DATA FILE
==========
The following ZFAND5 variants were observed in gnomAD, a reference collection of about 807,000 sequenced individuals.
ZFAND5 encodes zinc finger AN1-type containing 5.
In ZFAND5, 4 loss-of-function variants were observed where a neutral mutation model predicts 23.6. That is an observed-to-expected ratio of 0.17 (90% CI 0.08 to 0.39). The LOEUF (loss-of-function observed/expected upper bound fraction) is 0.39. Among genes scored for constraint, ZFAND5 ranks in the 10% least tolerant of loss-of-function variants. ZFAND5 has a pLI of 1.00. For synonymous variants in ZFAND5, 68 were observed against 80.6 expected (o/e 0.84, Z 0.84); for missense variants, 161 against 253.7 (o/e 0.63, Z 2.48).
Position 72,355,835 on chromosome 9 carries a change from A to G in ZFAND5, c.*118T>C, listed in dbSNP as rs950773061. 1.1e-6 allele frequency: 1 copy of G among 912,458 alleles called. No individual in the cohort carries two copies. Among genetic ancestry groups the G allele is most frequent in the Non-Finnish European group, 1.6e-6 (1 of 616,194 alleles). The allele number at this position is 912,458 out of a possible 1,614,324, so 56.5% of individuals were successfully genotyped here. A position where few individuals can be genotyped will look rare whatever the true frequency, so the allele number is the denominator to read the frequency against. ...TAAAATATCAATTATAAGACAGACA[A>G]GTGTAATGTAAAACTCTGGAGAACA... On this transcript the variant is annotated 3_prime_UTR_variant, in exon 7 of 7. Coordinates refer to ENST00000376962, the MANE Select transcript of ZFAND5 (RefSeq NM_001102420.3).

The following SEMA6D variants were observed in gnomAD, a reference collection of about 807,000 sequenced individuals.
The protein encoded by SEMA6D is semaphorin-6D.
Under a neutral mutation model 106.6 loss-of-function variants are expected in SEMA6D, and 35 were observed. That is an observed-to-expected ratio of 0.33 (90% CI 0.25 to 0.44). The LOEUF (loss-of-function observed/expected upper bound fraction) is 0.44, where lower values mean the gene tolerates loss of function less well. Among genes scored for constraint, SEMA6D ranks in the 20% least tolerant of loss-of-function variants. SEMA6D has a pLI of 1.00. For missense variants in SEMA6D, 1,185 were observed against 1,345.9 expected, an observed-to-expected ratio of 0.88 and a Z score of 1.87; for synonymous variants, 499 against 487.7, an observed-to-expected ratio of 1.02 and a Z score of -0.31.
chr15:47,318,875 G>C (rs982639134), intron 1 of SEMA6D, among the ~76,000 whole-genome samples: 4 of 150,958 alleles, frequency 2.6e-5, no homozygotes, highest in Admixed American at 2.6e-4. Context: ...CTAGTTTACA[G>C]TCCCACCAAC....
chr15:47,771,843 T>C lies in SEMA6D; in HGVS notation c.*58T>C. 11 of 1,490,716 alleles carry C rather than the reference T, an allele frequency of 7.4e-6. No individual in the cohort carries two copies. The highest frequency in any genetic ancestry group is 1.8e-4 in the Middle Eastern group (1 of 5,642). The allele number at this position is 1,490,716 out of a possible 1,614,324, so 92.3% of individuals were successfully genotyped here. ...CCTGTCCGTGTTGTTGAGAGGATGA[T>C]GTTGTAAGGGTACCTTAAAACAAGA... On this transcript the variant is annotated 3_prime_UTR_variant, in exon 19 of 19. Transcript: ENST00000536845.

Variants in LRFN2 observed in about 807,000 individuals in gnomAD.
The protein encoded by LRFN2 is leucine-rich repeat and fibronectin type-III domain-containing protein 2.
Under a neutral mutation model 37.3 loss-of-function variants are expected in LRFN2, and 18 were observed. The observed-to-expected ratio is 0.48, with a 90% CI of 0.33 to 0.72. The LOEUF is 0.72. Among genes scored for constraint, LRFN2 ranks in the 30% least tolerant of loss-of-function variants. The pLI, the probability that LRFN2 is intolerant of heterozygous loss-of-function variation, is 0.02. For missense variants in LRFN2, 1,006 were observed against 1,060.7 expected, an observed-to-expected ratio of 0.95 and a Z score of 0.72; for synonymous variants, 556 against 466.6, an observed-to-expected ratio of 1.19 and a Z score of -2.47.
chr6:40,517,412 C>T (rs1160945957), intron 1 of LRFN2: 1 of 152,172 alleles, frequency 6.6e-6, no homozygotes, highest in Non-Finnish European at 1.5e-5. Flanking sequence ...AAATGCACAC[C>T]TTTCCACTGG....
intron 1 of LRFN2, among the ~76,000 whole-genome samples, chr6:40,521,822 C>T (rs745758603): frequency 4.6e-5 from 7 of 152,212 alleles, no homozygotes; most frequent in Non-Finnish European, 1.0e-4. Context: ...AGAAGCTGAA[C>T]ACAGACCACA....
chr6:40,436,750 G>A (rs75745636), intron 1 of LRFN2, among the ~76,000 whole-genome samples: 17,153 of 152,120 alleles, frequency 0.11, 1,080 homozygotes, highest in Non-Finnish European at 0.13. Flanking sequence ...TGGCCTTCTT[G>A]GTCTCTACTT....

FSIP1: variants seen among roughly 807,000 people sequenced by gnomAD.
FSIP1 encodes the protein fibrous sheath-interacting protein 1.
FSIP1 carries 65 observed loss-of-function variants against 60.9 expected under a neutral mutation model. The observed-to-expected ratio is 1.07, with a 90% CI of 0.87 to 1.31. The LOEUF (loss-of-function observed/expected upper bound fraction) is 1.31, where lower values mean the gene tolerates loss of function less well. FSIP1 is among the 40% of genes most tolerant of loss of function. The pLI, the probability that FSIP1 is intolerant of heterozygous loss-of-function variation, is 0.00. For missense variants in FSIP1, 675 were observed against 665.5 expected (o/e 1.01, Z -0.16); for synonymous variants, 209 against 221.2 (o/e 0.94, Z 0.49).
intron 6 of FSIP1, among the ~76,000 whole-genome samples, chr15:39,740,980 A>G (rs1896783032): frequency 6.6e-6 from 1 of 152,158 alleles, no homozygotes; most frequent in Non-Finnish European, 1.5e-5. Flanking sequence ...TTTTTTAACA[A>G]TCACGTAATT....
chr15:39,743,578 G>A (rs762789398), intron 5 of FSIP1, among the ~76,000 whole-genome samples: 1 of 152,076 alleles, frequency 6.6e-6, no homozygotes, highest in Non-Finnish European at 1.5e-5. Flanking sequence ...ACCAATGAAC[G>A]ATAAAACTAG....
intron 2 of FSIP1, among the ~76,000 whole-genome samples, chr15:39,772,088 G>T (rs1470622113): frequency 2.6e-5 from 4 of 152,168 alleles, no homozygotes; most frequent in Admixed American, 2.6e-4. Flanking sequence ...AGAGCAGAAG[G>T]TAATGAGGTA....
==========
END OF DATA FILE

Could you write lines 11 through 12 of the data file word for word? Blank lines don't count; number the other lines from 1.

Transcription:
The protein encoded by LRFN2 is leucine-rich repeat and fibronectin type-III domain-containing protein 2.
Under a neutral mutation model 37.3 loss-of-function variants are expected in LRFN2, and 18 were observed. The observed-to-expected ratio is 0.48, with a 90% CI of 0.33 to 0.72. The LOEUF is 0.72. Among genes scored for constraint, LRFN2 ranks in the 30% least tolerant of loss-of-function variants. The pLI, the probability that LRFN2 is intolerant of heterozygous loss-of-function variation, is 0.02. For missense variants in LRFN2, 1,006 were observed against 1,060.7 expected, an observed-to-expected ratio of 0.95 and a Z score of 0.72; for synonymous variants, 556 against 466.6, an observed-to-expected ratio of 1.19 and a Z score of -2.47.